The Modern Sadness

Old Chaucer, the unconquerably young,
Methought thou camest by, and didst incline
An ear to these poor fitful notes of mine,
And didst reprove, albeit with gentle tongue,
A lyre to joyous mood so seldom strung —
So little vowed to laughter or the vine,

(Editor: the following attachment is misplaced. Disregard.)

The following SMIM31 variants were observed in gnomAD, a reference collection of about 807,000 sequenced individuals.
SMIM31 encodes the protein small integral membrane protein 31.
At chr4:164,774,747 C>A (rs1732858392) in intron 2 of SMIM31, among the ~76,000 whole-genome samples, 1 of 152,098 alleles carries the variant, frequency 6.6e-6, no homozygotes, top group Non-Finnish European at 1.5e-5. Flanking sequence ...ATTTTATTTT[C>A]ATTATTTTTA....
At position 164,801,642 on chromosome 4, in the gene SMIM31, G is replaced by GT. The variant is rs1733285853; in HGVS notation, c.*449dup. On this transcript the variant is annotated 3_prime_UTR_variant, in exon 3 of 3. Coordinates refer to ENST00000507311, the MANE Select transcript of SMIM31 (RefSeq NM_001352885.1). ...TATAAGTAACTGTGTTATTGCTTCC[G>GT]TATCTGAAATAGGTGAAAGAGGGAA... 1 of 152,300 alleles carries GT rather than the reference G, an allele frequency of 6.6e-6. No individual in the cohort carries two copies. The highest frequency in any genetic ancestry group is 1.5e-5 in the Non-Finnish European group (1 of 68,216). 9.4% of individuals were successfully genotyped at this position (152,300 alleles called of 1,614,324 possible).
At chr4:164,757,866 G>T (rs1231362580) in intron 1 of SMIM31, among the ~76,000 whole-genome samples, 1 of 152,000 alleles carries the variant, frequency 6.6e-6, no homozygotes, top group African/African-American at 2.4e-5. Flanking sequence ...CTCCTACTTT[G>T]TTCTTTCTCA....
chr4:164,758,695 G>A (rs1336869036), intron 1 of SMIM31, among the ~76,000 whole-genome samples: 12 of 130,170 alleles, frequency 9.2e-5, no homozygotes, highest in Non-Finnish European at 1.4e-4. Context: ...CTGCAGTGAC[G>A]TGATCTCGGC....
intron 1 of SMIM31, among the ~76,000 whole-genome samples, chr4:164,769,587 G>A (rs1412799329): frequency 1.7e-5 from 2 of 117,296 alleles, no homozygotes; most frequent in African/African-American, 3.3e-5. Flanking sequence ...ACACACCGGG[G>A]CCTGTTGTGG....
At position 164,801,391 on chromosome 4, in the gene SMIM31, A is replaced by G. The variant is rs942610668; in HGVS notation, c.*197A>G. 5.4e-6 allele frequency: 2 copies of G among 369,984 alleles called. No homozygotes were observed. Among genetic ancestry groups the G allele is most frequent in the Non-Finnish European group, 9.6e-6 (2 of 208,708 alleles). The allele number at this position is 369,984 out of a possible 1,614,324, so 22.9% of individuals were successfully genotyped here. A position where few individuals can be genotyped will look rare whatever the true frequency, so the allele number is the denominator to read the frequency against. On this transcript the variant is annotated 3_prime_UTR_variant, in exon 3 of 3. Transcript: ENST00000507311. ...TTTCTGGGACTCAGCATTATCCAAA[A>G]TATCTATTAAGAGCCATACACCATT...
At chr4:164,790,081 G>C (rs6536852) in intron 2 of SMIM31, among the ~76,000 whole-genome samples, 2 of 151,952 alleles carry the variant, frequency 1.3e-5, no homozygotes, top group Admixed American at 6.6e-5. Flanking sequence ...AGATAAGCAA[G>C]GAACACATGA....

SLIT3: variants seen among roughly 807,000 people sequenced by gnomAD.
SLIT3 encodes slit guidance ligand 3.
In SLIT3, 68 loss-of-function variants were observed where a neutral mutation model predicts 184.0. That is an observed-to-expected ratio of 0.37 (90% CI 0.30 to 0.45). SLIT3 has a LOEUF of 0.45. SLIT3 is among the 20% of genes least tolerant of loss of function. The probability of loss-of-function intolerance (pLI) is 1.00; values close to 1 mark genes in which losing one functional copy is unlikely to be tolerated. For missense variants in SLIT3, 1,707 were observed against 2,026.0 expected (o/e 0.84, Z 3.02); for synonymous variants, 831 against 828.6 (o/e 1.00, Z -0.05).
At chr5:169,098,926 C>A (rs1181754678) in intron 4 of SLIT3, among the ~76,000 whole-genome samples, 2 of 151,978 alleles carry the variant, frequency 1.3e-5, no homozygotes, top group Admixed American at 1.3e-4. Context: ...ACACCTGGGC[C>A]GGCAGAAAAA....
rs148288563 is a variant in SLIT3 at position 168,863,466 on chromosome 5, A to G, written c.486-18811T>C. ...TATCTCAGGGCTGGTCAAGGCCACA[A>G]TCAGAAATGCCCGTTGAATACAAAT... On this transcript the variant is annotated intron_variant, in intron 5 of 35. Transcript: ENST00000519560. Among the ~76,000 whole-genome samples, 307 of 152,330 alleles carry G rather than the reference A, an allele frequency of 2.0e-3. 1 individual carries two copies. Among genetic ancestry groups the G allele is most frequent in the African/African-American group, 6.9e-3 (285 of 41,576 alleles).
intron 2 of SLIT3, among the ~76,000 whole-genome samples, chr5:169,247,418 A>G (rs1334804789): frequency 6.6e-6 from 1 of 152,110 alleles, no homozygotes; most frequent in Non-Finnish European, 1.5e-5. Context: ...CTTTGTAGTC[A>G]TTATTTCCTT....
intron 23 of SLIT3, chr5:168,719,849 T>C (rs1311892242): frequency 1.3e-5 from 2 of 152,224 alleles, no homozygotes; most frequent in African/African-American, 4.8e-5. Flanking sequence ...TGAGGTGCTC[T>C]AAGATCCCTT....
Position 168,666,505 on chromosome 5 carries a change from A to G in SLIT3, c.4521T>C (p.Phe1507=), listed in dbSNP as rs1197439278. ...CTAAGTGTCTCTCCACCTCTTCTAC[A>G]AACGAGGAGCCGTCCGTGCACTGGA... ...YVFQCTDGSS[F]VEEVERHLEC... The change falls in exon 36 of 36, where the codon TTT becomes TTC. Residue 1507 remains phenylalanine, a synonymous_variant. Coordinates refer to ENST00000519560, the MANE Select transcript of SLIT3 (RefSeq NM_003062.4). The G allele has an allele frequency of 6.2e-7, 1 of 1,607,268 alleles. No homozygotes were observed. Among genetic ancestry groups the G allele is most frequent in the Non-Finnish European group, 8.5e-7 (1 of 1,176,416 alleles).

Or her that rose a goddess from the brine,
Mother of half the songs the world hath sung.

Blandly arraigning ghost! 'tis all too true, —
A want of joy doth in these strings reside;
Some shade, that troubled not thy clearer day,
Some loss, nor thou nor thy Boccaccio knew.
For thou art of the morning and the May —
I of the autumn and the eventide.
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